“You loved him a great deal,” the older woman shook her head.

                “I did,” Honoria lowered her eyes modestly.

                “I know what it is to lose a goodly man,” the woman said.  “Come, milady, you must stay with us tonight in my house.”

                “I can pay you only a little for your hospitality,” Honoria said, holding out a few coins in the palm of her hand.  People had been very generous with loans in the hopes of repayment by the grand ()’s. 

                The woman scoffed.  “Ah, milady.  I couldn’t take anything for giving you a bed and food.  Only remember me kindly when you come to your great fine house and you are enjoying your grand meals and fine clothing again.”

                Honoria nodded.  “I will.”  So it went everywhere.  Their clothing and accoutrements had increased dramatically.  People seemed to enjoy giving them things.  “Oh,” one woman had clucked.  “Such a shabby cloak you have.  If you’re going to see your fine inlaws you should have better so they don’t think you just an unseemly peasant girl.”  And so Honoria had a new cloak.  There was a haircomb from a woman in (), a tiny vial of scented oil from another in (), more substantial shoes from a cobbler in (), and a great many other trinkets from people who begged to be rememered to Honoria’s esteemed relations.  Honoria lay in bed beside Philomena that night and plucked at her arm until the younger girl awoke.            

                “What is it?” Philomena flipped her braid away from her face.

                “Have you thought about what happens when we get to ()?”

                “()?” Philomena snorted. 

                “Yes.  Where the ()’s live.”

                “Perhaps we could start back south with a different name and a different story, and a different husband.”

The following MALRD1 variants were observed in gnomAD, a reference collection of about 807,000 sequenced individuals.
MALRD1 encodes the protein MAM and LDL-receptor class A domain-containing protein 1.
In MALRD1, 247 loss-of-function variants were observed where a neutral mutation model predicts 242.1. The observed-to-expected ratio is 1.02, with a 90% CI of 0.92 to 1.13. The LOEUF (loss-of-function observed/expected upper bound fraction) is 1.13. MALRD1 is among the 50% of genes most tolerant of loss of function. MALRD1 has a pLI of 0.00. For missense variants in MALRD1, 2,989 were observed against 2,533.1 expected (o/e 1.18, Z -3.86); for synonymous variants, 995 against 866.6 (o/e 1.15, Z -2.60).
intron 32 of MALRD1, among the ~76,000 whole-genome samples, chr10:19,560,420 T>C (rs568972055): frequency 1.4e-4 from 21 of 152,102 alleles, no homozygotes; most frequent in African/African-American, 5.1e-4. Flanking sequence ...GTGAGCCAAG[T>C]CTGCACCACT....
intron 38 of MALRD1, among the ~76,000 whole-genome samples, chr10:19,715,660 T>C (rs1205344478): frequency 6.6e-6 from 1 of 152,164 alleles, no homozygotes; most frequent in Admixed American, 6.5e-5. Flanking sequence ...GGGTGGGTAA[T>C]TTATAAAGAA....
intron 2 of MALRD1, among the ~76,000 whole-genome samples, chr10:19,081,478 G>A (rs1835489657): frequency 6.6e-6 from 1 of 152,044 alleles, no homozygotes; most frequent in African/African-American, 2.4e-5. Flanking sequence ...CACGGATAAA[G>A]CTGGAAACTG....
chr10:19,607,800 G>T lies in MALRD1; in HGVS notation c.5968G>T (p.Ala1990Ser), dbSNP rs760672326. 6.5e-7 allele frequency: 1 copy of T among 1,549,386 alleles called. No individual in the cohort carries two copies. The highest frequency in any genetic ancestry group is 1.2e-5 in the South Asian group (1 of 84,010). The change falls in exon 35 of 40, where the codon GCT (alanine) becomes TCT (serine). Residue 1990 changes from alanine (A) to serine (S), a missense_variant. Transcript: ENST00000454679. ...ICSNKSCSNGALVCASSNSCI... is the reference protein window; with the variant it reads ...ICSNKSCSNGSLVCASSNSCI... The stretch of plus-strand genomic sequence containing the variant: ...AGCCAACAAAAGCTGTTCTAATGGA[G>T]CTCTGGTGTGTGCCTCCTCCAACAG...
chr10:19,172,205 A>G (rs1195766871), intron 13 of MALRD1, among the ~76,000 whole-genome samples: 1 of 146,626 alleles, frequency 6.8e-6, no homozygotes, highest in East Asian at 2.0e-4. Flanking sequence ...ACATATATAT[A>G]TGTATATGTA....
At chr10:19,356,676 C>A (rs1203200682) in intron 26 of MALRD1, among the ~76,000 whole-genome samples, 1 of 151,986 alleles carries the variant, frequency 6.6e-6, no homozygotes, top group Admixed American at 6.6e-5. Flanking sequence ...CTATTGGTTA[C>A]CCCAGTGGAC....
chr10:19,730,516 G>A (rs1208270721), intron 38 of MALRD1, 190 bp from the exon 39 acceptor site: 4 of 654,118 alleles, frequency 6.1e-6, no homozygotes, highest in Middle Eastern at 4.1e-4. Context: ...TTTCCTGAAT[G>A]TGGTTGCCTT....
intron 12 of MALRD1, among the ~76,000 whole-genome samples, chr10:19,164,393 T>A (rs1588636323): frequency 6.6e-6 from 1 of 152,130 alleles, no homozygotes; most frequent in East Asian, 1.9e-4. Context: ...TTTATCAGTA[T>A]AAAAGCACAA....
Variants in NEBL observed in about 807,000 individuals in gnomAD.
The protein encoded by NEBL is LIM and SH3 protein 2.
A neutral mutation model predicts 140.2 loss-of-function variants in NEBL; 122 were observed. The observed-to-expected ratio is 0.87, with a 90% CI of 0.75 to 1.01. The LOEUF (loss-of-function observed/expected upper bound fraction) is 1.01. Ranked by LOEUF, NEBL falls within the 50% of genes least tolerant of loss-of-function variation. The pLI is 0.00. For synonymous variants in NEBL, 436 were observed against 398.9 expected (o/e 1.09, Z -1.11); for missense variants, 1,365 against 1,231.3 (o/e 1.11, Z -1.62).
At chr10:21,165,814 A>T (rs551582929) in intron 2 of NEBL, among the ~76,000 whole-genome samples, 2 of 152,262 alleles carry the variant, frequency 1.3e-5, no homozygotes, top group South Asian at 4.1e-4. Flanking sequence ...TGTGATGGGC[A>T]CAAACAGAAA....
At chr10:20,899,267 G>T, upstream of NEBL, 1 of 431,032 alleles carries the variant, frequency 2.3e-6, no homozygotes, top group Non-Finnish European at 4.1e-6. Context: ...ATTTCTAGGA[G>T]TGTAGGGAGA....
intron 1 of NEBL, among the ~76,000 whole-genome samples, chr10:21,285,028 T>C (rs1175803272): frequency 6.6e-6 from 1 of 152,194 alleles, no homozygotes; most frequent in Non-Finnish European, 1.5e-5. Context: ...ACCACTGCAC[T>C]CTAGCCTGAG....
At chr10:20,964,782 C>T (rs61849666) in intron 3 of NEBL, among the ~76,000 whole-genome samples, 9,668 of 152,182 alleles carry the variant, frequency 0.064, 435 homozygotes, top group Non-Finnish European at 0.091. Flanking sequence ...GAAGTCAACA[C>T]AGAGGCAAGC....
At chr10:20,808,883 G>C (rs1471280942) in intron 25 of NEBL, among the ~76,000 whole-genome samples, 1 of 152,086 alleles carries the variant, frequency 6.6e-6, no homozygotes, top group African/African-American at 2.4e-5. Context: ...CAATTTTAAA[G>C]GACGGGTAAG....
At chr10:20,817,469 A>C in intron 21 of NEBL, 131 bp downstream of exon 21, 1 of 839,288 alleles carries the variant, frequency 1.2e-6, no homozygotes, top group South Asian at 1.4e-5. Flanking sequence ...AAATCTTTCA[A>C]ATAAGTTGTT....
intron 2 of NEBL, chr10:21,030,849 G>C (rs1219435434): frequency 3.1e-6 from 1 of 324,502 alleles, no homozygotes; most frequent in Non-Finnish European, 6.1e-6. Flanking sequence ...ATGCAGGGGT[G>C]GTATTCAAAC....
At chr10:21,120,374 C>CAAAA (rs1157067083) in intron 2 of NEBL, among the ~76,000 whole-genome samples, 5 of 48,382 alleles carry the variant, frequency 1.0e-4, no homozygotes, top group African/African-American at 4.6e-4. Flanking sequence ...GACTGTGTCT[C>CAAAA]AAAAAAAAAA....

“We would have to go by a different route.”

                Philomena shrugged.  “I’m sure there’s something we can figure out but not a this hour.”

                In the morning, they came to break fast with the woman and her children.  While they were eating, there was a knock on the door and the woman let in a modestly clothed and serious looking man.

                “You have a woman staying here by the name of Honoria?” he asked.

                The woman curtseyed a bit.  “Yes, your lordship.”

                “I’m not a lordship,” he scoffed.  “I’m his lordship’s lackey.   Where be the woman?”

                Honoria and Philomena sat absolutely still.  Dread was rising in Honoria’s throat. The lace maker motioned toward the table.

                “Lady Honoria ()?” the man said, striding over to her.

                “Yes,” she said faintly.  She glanced at the very white Philomena.

                “Come with me, please.  And your sister, too.”

                They rose, barely able to breathe.

                “What is it, good sir?”

                “I’m to take you to Lord ().”

                “Lord ()?”


                “He’s here?”

                “He’s in ().” He looked at the woman sharply.  “Get their things.  They’ll not be returning here.”

                Philomena slipped her hand into Honoria’s.  They stood together tightly, near the door.  Honoria’s stomach churned.  Everything she had eaten in the weeks seemed bitter now.  They were finished.  She turned toward Philomena, but Philomena, anticipating her reaction, dug her fingers into Honoria’s arm.  Honoria smiled a little at the man.

                “Is it a long ride?” she said gently.

                “Not long, milady,” he said.  “I have brought horses for you and your sister that are both small and gentle.  I trust the journey will not be uncomfortable for you.”

                Honoria smiled.  Her first flush of fear was gone.  He was deferential to her, as if she was a real lady.  Perhaps things would not go so badly after all.  The woman of the house, having packed their belongings, brought them down and the man nodded sharply to her, put a coin in her hand and strode to the door, standing alert.  Honoria smiled to their hostess, embraced her and blessed her for a good Christian woman.  Philomena followed and they went out into the morning sun.